You are using an older browser version. Please use a supported version for the best MSN experience.

Former Boston police head says 'Patriots Day' gets it right

Associated Press logo Associated Press 12/19/2016 By DENISE LAVOIE, Associated Press
FILE - In this April 18, 2016 file photo, actor Mark Wahlberg, center left, dressed as a Boston Police officer, watches runners cross the finish line as he films a scene for the "Patriot's Day" movie at the 120th Boston Marathon in Boston. Wahlberg's movie about the bombings during the 2013 Boston Marathon premiers in limited release on Wednesday, Dec. 21, in Boston, New York and Los Angeles, before a nationwide release on Jan. 13, 2017. (AP Photo/Charles Krupa, File) © The Associated Press FILE - In this April 18, 2016 file photo, actor Mark Wahlberg, center left, dressed as a Boston Police officer, watches runners cross the finish line as he films a scene for the "Patriot's Day" movie at the 120th Boston Marathon in Boston. Wahlberg's movie about the bombings during the 2013 Boston Marathon premiers in limited release on Wednesday, Dec. 21, in Boston, New York and Los Angeles, before a nationwide release on Jan. 13, 2017. (AP Photo/Charles Krupa, File)

BOSTON (AP) — For Jessica Kensky, seeing the new Mark Wahlberg movie about the Boston Marathon bombing was deeply personal.

FILE - In this April 18, 2016 file photo, actor Mark Wahlberg, dressed as a Boston Police officer, films a scene for the "Patriot's Day" movie during the 120th Boston Marathon in Boston. Wahlberg's movie about the bombings during the 2013 Boston Marathon premiers in limited release on Wednesday, Dec. 21, in Boston, New York and Los Angeles, before a nationwide release on Jan. 13, 2017. (AP Photo/Charles Krupa, File) © The Associated Press FILE - In this April 18, 2016 file photo, actor Mark Wahlberg, dressed as a Boston Police officer, films a scene for the "Patriot's Day" movie during the 120th Boston Marathon in Boston. Wahlberg's movie about the bombings during the 2013 Boston Marathon premiers in limited release on Wednesday, Dec. 21, in Boston, New York and Los Angeles, before a nationwide release on Jan. 13, 2017. (AP Photo/Charles Krupa, File)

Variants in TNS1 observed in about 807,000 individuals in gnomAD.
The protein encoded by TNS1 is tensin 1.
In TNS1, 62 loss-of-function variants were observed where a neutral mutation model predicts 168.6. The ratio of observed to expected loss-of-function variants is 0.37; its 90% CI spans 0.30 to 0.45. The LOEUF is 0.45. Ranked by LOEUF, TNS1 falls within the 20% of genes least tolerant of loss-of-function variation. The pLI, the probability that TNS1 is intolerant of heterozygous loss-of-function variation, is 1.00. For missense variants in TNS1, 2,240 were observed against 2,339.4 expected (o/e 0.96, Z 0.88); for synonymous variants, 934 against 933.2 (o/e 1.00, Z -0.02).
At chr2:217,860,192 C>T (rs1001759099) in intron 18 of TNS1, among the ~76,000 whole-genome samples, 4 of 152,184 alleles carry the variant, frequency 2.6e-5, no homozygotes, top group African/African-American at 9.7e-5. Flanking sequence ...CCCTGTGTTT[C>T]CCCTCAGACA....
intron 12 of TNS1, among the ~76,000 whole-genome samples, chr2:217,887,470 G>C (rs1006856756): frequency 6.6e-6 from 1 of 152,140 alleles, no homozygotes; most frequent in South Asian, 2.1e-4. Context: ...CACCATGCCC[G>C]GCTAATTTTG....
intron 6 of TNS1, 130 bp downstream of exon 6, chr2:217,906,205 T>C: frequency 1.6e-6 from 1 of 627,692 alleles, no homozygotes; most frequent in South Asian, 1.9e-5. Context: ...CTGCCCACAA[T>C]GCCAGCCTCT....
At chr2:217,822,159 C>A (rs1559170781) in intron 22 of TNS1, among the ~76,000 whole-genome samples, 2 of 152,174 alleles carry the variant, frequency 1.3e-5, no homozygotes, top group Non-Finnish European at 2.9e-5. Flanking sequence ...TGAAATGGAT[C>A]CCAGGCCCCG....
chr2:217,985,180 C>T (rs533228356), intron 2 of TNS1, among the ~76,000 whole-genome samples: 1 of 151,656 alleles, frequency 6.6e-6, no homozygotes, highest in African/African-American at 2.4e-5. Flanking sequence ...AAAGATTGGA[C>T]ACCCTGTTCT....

She and her husband, Patrick Downes, both lost their left legs below the knee in the 2013 bombing. Almost two years later, Kensky chose to have her right leg amputated because of excruciating pain caused by severe injuries she suffered in the bombing.

In this Dec. 15, 2016, photo, actor Mark Wahlberg, right, embraces Boston Marathon bombing survivor Jessica Kensky in Boston after a press availability for "Patriots Day," a movie based on the bombing. Wahlberg's movie about the bombings during the 2013 Boston Marathon premiers in limited release on Wednesday, Dec. 21, in Boston, New York and Los Angeles, before a nationwide release on Jan. 13, 2017. (AP Photo/Charles Krupa) © The Associated Press In this Dec. 15, 2016, photo, actor Mark Wahlberg, right, embraces Boston Marathon bombing survivor Jessica Kensky in Boston after a press availability for "Patriots Day," a movie based on the bombing. Wahlberg's movie about the bombings during the 2013 Boston Marathon premiers in limited release on Wednesday, Dec. 21, in Boston, New York and Los Angeles, before a nationwide release on Jan. 13, 2017. (AP Photo/Charles Krupa)

So when it came time to publicly express her feelings about the movie "Patriots Day," Kensky chose her words carefully.

In this Dec. 15, 2016, photo, actor Mark Wahlberg, rear, listens as Boston Police commissioner Billy Evans addresses reporters during a press availability in advance of a movie based on the Boston Marathon bombing in Boston. As the city prepares for Wednesday's premier of "Patriots Day," Wahlberg's much-hyped docudrama, survivors are feeling many things. (AP Photo/Charles Krupa) © The Associated Press In this Dec. 15, 2016, photo, actor Mark Wahlberg, rear, listens as Boston Police commissioner Billy Evans addresses reporters during a press availability in advance of a movie based on the Boston Marathon bombing in Boston. As the city prepares for Wednesday's premier of "Patriots Day," Wahlberg's much-hyped docudrama, survivors are feeling many things. (AP Photo/Charles Krupa)

She said she and her husband were initially reluctant to be involved in the film, but after seeing the movie during a special screening in Boston last week, she believes Wahlberg and director Peter Berg treated the victims and their stories with respect. But she said the question of whether the filmmakers "got it right" was one that's impossible for her and other survivors to answer.